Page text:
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Government is failing citizens with disabilities – Adams

27 March, 2018 - by Gerry Adams

Speaking during Sinn Féin’s Private Members motion on Disability Services in the Dáil on Tuesday evening, the Louth TD Gerry Adams accused the government of failing citizens with disabilities, including in Louth and East Meath.

The Sinn Féin TD for Louth specifically highlighted the crisis in the provision or lack of provision of respite beds in Louth for adults with intellectual disabilities. And the ongoing absence of emergency respite beds. He also raised two specific cases of young people – Sam and Brendan – without proper services

Teachta Adams called on the government to provide the legislation, funding and services needed by citizens with a disability.

With a copy of the Proclamation of 1916 in his hand, Gerry Adams pointed out that the Proclamation is very clear on the issue of equality.

Teachta Adams said:

“It says that the Republic guarantees … ‘equal rights and equal opportunities to all its citizens, and declares its resolve to pursue the happiness and prosperity of the whole nation … cherishing all the children of the nation equally …’

“It doesn’t say except for those who have a disability. In fact, arguably the Proclamation is talking directly to those people who need and deserve equality. Those who need more rights than the rest of us.

“There are six hundred and forty-three thousand individual citizens, many with families, trying to financially, physically, emotionally cope with a disability. It used to be that these citizens were locked up in institutions. Thankfully, those days are gone.

“Although recently the Ombudsman for Children, Dr Niall Muldoon, found that the state had been denying the necessary supports to a woman who had been fostering a teenager ‘Molly’ – not her real name - who has Down Syndrome and severe autism. The Ombudsman found that the state had abdicated its responsibilities.

“It also found that there is a problem facing many of the 472 children, including Molly, with disabilities, in the care of the state. The Ombudsman’s recommendations were accepted by the HSE and Tusla. However, the HSE pointed out that its commitment is ultimately resource dependent.

“In other words, it needs the funding. I raised this issue at the time. I know also from my own constituency that this is the case. I and other local TDs have been highlighting the crisis in the provision or lack of provision of respite beds in Louth for adults with intellectual disabilities. I have been consistently raising the absence of emergency services. I have written to this Taoiseach and to the last Taoiseach about this. I have written to Health Ministers about this, including the Minister for State. I made costed proposals which I sent directly to the Minister and to Taoiseach Varadkar.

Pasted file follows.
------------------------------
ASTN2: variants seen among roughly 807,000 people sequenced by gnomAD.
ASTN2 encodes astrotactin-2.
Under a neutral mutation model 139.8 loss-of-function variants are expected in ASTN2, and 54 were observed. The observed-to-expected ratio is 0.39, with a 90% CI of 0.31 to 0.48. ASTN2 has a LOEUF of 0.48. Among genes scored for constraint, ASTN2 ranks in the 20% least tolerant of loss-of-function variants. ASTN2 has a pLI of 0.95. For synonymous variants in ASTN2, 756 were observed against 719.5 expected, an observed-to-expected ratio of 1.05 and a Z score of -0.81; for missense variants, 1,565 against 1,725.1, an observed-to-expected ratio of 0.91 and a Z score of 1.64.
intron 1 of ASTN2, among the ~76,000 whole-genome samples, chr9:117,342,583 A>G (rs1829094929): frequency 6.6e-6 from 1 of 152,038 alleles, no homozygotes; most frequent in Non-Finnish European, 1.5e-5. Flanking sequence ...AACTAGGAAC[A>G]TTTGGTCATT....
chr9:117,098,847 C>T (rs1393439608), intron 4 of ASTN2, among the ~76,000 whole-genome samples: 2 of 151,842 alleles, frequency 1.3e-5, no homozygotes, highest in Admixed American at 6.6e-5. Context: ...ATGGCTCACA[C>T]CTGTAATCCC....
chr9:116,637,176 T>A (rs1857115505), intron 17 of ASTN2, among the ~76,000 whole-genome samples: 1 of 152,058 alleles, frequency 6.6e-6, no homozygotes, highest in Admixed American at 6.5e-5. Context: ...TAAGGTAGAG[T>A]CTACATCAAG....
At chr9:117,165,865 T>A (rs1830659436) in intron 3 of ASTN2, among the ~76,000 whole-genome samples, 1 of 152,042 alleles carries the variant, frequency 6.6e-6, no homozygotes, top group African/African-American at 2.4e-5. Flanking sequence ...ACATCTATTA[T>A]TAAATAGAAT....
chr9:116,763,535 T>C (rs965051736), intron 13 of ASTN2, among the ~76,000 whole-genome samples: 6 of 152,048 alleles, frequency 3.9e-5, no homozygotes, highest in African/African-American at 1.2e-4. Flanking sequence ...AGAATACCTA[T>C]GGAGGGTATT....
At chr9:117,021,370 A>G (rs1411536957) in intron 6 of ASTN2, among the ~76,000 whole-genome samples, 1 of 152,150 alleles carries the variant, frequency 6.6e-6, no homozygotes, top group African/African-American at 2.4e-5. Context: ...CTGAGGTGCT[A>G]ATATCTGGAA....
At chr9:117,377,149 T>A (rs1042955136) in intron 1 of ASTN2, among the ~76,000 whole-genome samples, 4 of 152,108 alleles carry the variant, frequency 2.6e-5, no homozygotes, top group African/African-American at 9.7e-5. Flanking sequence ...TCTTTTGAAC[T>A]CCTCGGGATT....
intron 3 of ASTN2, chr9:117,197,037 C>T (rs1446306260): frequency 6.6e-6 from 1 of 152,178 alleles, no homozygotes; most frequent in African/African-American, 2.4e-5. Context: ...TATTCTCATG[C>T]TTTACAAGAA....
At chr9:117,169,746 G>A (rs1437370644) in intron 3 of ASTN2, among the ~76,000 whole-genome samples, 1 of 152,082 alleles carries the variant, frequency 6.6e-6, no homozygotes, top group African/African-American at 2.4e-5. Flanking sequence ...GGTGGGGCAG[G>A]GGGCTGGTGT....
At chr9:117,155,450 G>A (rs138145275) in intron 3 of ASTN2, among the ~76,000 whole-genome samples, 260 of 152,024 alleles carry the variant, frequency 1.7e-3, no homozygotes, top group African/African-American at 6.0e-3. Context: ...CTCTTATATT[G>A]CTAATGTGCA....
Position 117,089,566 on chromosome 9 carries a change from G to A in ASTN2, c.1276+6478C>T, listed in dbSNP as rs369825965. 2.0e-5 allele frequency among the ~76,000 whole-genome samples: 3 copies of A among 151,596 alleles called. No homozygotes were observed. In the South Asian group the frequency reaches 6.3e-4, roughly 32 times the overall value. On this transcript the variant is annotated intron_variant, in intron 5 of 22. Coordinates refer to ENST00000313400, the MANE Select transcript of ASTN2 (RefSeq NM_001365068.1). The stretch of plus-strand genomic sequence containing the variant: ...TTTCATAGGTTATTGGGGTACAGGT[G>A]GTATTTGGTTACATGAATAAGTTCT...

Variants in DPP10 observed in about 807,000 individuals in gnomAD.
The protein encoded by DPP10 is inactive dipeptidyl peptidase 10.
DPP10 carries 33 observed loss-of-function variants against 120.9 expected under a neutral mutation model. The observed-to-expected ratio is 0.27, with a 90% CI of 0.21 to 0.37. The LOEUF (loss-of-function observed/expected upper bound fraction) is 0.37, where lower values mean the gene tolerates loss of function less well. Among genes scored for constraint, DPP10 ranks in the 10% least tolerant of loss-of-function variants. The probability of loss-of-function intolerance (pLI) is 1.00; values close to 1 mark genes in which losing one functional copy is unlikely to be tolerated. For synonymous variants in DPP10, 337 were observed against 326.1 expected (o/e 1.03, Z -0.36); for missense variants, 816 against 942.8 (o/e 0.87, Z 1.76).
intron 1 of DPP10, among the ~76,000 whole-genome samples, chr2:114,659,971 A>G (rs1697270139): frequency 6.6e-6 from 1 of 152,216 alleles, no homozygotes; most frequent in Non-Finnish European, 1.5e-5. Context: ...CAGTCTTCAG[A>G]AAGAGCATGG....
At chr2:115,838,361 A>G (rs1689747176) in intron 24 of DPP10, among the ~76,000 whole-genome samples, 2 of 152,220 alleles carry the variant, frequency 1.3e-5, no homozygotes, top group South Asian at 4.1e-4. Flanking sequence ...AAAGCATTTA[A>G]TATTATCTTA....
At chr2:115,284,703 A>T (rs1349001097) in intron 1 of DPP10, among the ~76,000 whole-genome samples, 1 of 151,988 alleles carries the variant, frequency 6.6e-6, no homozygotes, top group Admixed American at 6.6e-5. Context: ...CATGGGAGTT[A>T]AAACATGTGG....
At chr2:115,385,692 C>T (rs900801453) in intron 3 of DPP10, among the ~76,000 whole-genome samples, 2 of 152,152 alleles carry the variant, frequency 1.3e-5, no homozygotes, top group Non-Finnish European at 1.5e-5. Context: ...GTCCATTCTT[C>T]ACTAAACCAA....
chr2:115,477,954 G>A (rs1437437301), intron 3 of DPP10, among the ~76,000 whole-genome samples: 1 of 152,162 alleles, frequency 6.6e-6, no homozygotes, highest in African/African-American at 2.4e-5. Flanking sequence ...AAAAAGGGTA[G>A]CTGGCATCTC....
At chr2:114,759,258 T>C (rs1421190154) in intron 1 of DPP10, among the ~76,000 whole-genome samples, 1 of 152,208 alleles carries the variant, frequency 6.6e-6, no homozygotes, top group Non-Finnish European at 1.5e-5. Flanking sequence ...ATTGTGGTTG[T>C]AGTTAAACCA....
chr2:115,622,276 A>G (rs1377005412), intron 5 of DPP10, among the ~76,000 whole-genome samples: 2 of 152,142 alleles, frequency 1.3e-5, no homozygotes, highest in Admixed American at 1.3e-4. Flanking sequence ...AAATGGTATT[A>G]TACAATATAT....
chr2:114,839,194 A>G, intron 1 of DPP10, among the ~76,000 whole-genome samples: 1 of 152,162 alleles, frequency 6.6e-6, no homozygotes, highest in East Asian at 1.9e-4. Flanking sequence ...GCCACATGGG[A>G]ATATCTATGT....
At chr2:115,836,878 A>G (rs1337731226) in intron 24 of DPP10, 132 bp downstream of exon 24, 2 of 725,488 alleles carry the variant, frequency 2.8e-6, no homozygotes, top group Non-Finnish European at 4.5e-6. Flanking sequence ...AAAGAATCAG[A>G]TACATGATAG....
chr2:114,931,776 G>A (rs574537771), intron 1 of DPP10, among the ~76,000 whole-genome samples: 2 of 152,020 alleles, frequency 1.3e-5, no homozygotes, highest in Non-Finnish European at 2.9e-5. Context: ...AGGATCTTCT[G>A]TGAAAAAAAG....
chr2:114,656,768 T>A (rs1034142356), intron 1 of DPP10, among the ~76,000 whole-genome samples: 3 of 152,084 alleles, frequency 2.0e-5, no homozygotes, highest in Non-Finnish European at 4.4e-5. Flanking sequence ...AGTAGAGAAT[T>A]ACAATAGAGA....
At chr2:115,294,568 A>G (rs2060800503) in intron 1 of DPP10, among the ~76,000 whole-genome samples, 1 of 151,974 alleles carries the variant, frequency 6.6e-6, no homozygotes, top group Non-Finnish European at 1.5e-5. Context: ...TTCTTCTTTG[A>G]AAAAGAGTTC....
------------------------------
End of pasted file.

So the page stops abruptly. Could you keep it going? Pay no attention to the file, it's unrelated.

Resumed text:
“Despite this, and all of the promises from the government, there are still no emergency respite services for the citizens in the constituency that I represent. There is still no Disability (Miscellaneous Provisions) Bill 2016. There is still no Decision Support Service as promised in the Assisted Decision Making Capacity Act 2015.

“The Fine Gael/ Labour government scrapped the Mobility Allowance and Motorised Transport Grants for people with disabilities in February 2013. It promised a new scheme. This was after that scheme was found to be illegal and not in compliance with the Equal Status Act and Disability Act. Five years later there is still no new scheme.

“It took 13 years for the government to finally ratify the UN Convention on the Rights of Persons with Disabilities. Thirteen years. Sam was five when the government should have ratified the UN Convention on the Rights of People with Disabilities. Since his 18th birthday in July last year Sam has no respite support. He has severe Autism with significant high support needs. He has complex medical needs. He has diabetes. He is coeliac and doubly incontinent at night.

“Brendan in 13 years old with a diagnosis of Cerebal Palsy. His condition is life limiting. He is bed ridden. He has open sores. He has scoliosis and is awaiting surgery. He has profound medical needs. Brendan’s mother is fighting to get in-home respite care, and a homecare package that meets his needs. Minister Harris, Minister McGrath, the Taoiseach have met with Sam’s mother. They know that Sam and Brendan’s mothers have to fight the system every single day to get services for their children.

“They are only two examples of citizens with disabilities who have been let down by the state. It may be that the government will not oppose this PMB. That would be welcome. But it won’t be good enough. Because it will not make one iota of difference to citizens with disabilities; to their families; to carers; and to those in the voluntary and community sector who help them.

“And it will not make any difference unless and until the government ensure that funding is made available to meet the needs of these citizens. Unless it makes these citizens and their rights a priority. Unless as Teachta Ó Caoláin has said, unless the Taoiseach champions this cause. And nothing else will be good enough.” 

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